That one retreat led to other retreats. I heard about SCBWI from someone along the way. I started attending workshops and conferences. I made more writing friends. I found my long-time critique partner in a line for a port-o-potty at another Highlights retreat. I found my first mentor.

It took me eight years from that first retreat to see my first book on the library and bookstore shelves. And since then I've become a part of-- and a creator of -- more writing communities. I have mentors and mentees. Critique partners and too many writing friends to list here. I lead the Central and Southern Ohio chapter of SCBWI and speak at their conferences.

Sometimes I forget that I was once struggling along alone.

Writing is such a solitary activity. Every day it is just You, at your lap top or sitting with a notebook, facing a blinking cursor or a blank page. The publishing industry-- oh man-- it will eat you up alive and spit you out. The rejections never stop coming. The bad reviews can derail you. Book sale numbers, deadlines, marketing pressures....

Failure and success. Self-loathing and elation.

But I am not alone.

The other night I baked a bloody severed finger cake and brought it to my best friend's book launch party.

I took a seat surrounded by my friends and we all celebrated, together, the success of one of our own.


  1. I am in love with the first line of this post.
    "Last week, as I was putting the final bloody touches on a severed finger cake ..."
    And it has just the right touch of nonchalance. I dare anyone not to read on after that opening!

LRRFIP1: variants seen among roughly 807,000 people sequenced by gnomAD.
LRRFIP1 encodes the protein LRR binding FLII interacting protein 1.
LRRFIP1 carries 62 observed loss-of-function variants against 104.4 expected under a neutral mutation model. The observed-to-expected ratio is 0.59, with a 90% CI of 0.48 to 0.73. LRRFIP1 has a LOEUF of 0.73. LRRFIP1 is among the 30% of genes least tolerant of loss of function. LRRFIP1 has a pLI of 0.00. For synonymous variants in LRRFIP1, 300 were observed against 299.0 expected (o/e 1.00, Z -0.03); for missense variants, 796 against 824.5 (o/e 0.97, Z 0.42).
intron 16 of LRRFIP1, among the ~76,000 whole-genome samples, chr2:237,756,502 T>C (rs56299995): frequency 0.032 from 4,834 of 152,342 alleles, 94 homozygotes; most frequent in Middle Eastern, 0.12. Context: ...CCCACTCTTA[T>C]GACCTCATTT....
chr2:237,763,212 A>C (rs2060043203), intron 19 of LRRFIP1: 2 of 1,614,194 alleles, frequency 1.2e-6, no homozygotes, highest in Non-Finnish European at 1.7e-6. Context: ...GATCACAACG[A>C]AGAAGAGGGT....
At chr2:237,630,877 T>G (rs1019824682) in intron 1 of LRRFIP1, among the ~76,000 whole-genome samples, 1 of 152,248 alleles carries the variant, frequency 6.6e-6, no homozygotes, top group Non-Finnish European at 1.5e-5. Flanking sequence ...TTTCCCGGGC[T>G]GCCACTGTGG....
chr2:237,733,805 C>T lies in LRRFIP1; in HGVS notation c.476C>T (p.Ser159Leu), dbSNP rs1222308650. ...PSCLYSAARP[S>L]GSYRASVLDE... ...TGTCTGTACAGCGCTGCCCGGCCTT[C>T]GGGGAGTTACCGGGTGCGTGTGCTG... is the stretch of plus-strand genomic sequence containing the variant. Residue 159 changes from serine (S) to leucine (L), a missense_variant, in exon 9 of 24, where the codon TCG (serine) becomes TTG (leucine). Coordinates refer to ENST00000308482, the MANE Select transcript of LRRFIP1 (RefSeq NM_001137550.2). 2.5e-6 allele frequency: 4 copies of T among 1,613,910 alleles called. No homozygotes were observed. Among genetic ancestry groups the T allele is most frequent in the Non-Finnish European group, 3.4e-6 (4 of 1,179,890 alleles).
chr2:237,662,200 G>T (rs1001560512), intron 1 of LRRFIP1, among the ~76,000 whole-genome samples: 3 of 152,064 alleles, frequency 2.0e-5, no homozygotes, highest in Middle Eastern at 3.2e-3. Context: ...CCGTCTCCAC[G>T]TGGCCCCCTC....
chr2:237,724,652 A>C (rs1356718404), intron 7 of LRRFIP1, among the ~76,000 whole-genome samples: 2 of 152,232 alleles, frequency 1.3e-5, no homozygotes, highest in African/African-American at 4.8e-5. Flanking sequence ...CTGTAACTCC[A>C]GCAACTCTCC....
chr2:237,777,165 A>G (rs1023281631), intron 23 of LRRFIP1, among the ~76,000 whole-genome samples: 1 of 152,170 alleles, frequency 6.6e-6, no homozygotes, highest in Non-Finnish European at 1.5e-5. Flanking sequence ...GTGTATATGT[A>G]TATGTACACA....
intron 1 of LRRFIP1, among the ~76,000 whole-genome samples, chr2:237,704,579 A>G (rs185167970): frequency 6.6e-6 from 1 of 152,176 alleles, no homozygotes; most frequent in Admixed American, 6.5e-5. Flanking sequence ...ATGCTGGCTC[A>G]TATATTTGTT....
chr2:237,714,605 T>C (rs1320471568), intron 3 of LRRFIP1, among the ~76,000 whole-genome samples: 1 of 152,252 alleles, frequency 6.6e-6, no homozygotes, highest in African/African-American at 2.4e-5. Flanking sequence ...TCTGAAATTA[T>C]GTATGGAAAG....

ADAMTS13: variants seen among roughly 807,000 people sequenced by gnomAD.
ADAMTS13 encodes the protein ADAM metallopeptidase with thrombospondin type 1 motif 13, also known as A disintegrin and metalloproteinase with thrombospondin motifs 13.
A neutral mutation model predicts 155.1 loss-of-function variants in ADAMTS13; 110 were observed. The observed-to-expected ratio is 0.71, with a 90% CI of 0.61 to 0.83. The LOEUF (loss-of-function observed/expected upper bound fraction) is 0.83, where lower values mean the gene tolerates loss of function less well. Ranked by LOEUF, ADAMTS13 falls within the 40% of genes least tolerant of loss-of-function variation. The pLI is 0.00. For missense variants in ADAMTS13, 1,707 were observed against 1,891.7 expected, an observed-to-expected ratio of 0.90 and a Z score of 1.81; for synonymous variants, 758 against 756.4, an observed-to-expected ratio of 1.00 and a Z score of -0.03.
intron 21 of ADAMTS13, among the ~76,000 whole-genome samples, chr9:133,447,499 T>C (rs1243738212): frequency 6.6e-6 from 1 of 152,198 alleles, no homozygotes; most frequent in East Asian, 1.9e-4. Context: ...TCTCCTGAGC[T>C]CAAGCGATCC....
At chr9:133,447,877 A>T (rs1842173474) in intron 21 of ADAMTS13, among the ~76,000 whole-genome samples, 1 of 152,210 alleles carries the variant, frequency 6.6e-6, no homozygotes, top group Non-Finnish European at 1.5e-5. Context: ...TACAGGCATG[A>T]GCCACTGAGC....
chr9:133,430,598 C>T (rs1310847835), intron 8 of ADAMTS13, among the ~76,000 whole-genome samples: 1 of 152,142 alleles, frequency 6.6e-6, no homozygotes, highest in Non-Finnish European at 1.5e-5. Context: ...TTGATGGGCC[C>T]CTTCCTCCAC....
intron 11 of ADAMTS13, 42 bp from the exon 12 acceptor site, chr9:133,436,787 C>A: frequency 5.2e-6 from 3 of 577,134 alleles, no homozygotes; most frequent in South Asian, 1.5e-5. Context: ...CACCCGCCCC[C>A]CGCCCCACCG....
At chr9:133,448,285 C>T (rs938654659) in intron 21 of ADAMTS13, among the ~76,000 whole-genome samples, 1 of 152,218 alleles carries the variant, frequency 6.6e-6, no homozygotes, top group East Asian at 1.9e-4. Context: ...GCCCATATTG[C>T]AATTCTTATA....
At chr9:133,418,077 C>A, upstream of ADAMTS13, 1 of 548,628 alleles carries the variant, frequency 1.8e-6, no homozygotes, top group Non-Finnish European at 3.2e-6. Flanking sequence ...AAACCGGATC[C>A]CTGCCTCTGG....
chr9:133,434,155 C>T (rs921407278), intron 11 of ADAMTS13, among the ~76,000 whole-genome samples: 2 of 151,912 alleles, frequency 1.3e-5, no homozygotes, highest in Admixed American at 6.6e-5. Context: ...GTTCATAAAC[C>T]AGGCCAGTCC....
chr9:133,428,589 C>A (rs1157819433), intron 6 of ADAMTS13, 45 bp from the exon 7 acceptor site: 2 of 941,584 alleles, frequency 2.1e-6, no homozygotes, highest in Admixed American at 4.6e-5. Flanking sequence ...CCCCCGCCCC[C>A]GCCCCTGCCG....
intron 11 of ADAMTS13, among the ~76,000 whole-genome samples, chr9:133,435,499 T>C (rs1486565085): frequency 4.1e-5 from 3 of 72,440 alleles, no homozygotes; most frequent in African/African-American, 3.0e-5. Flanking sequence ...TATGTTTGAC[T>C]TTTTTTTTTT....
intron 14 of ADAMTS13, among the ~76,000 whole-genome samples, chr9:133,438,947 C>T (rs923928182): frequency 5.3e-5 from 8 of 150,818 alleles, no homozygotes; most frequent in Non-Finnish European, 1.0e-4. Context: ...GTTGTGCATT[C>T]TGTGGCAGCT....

(Also, my writing community is one of the best things about being a writer.)

    1. Thanks, Jenn! Seeing your comment reminded me that I didn't mention our group blog YA Outside the Lines. Such a creative, lovely, generous group of people.

  2. Oh God. Not another bloody-severed-finger-cake blog post!! Sorry, but it gets a little old... p.s. Lovely post, for real.

    1. I know, Susan. It's my default blog post. Must try to branch out and write about other things :)

  3. "Every day it is just You, at your lap top or sitting with a notebook, facing a blinking cursor or a blank page." So true. This post made me a little weepy, because I love my writer friends, most of whom I met through SCBWI. You've captured the community sentiment perfectly.

    PS -- Great cake, too! :)

    1. Thanks, Yvonne! Oh, I just read your new book! Loved it. Totally creeped me out. Thinking now there must be a cool creepy cake to go along with it. Black flowers. Cats. hmm...

  4. All so true! They say that writing for children is a bunny-eat-bunny world, but I always add that they're such nice bunnies. I never would be working on my 22nd book if it hadn't been for SCBWI, and my critique group. The support is so important.

    1. Thanks Tracy. And I must say you are one of the nicest bunnies around :)

  5. At the UA Library Write Stuff event, you encouraged use to "network" before you began, and I announced a writing group. We now have a new member because of it.

    1. Shari, that's awesome! So glad you made that connection in our workshop!